Electric melting furnace (01/04/11)

I needed to do a relatively large aluminium casting (about ½kg or so, which is a large casting by my standards!) so I knocked up this little electric crucible heater to do the job. A while ago, I had read on the web about people using spiral electric cooker elements as crucible heaters, and I had bought a 7" 2kW element for £5 or so to experiment with, but never quite got round to it. I finally decided to give it a go. I'll admit I wasn't expecting much from the element, but it surpassed all expectations. Read on...

The crucible is one half of an empty MIG welding gas cylinder. The cylinder was chopped in two and the halfs left in a wood stove for an hour or so to burn the paint crud off them. One half became the crucible, the other ended up being used for a small autoclave. Very useful things! I attached two lifting hooks the top and a pouring hook to the bottom. It would actually be a lot better to use a stainless-steel crucible, since oxide does flake off the steel every time it's heated.

The element proved extremely difficult to re-wind. I tried leaving it on, red-hot, for a while to see if it softened, but it didn't really. It took a good hour of hammering, vises, and mole grips to get it into a cylindrical shape which fitted the crucible nicely. Some element manufacturers actually offer a custom service, so it might be worth trying that, or at least getting a straight element "blank" which should be a lot easier to wind.

For insulation, I used a couple of aereated cement building blocks and hollowed out some holes and channels in them for the elements. It turns out that they are very heat-resistant; when the inside was red-hot, the outside was barely warm to the touch. They do have a tendency to crack up through repeated use, but with careful use they're fine.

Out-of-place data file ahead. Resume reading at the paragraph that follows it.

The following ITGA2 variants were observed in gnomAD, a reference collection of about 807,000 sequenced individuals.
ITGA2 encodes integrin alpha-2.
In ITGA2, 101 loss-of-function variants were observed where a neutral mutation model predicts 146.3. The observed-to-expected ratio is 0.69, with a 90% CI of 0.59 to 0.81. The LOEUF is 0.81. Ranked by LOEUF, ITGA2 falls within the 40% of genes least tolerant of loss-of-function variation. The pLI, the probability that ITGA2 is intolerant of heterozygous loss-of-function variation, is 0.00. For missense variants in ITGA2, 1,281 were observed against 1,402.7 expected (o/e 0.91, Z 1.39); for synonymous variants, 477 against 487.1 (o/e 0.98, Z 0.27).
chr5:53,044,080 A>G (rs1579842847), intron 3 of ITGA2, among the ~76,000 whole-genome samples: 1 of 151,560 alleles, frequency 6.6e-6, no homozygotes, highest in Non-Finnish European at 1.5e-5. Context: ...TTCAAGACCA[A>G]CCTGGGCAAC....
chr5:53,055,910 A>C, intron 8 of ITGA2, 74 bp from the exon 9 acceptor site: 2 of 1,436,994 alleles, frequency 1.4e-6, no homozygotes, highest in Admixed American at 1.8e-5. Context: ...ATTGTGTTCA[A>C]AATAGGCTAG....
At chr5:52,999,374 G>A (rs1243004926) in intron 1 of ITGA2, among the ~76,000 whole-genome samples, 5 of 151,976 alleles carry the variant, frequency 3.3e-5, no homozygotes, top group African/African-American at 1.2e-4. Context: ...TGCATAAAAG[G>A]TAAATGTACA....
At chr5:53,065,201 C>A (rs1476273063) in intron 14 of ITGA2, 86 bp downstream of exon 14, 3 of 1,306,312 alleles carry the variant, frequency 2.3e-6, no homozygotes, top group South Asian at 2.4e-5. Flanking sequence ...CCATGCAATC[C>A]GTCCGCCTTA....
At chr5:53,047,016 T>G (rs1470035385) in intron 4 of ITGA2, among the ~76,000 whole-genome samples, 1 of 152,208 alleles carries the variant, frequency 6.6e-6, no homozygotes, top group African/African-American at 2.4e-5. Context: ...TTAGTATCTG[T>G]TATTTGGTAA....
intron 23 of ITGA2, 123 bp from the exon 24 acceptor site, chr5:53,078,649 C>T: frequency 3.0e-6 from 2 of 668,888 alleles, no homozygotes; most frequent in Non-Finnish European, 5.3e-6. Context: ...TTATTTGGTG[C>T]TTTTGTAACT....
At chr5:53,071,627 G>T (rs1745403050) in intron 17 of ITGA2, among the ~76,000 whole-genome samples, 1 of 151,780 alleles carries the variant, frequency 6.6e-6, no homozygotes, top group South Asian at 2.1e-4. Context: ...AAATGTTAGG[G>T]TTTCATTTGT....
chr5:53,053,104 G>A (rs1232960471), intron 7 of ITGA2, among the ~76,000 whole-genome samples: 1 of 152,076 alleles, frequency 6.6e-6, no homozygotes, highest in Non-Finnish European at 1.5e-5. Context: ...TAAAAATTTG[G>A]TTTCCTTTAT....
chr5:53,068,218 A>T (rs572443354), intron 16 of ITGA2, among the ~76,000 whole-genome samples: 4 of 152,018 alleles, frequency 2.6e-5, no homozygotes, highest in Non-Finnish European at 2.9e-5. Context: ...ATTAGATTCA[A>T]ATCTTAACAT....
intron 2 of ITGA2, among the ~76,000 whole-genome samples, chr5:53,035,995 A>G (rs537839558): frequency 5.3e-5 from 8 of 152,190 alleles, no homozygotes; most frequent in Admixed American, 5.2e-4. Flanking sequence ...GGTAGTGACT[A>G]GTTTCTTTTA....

So, how did it perform? Pretty impressively. From cold, it can melt a full load of aluminium (about 1kg) in under half an hour! The element obivously runs far hotter than it's normally intended to, but it doesn't seem to mind. Besides, at only £5 or so each, it's almost a disposable item. Here's a couple of photos of some castings I did - they're a horn for an ultrasonic transducer (about 10cm long) and its mounting bracket. There are little bubbles in the casting, but it isn't bad considering I didn't degas the melt, and the miscellaneous aluminium I chucked in the crucible. The horn (the cylindrical thing) was sand-cast, while the bracket was lost-foam cast in dry play sand using a building foam master.

These elements are obivously a great means of getting 700-800°C crucible temperatures quickly and cheaply, and I'll certainly be making more use of them.

17/11/11: The heating element finally burned out, so I converted it into a propane furnace. See here.